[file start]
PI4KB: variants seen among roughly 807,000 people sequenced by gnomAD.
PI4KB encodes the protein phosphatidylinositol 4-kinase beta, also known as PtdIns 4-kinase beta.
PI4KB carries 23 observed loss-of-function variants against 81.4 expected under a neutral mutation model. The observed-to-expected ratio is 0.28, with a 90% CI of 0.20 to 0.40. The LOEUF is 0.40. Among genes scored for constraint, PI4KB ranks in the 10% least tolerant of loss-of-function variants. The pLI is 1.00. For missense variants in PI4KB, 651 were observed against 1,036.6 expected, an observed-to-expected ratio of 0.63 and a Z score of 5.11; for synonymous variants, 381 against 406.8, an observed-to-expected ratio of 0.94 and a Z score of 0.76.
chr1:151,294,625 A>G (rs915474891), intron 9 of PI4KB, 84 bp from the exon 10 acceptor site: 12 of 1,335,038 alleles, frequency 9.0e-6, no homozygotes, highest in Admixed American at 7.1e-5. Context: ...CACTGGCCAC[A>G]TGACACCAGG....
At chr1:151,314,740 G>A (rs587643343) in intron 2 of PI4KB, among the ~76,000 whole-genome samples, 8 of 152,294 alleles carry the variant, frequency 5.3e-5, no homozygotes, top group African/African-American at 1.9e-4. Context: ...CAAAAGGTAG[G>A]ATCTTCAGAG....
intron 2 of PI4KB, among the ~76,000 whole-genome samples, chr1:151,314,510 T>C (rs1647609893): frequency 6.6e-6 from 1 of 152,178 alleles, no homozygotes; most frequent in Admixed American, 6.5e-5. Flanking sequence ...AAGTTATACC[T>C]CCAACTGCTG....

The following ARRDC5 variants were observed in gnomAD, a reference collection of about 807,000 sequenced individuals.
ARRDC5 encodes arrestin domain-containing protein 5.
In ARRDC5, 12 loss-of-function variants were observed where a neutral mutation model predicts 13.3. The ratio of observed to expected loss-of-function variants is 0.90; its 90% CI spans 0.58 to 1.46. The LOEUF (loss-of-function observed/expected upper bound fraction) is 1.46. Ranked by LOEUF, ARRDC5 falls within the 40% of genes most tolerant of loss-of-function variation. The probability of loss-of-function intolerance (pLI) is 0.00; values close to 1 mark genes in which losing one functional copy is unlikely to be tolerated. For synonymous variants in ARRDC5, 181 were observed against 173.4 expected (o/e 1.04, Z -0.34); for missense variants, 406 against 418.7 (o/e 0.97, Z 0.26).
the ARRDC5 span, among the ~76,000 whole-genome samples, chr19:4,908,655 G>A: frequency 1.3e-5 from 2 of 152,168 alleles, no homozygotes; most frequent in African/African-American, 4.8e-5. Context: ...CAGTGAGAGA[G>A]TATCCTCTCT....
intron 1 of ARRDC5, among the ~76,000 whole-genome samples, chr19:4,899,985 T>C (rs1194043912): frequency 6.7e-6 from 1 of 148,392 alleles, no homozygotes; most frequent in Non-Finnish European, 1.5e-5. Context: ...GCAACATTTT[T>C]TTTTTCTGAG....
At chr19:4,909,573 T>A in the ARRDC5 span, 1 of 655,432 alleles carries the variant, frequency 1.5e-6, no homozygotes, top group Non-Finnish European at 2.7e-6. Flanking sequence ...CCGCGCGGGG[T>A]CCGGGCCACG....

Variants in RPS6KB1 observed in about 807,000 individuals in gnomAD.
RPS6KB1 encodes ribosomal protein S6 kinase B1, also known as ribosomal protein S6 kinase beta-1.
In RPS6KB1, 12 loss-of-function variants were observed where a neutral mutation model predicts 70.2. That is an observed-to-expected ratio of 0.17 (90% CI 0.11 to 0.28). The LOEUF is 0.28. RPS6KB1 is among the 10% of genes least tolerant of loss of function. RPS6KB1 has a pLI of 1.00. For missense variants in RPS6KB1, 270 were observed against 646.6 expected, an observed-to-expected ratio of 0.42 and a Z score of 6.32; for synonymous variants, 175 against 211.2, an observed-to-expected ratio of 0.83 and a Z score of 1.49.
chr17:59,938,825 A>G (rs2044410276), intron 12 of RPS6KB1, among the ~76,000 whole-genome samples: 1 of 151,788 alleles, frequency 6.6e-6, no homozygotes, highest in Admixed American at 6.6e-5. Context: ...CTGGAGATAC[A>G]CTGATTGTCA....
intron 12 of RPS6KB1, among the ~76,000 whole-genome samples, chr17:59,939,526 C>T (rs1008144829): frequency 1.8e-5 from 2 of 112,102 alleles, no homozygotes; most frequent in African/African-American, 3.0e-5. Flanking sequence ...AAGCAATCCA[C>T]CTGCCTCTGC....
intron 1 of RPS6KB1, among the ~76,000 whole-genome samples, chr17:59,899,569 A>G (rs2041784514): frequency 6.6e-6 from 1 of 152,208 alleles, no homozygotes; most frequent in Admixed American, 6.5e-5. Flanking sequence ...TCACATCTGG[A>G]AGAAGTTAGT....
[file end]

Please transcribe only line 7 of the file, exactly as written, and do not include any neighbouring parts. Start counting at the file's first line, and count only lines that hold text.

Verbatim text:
The following ARRDC5 variants were observed in gnomAD, a reference collection of about 807,000 sequenced individuals.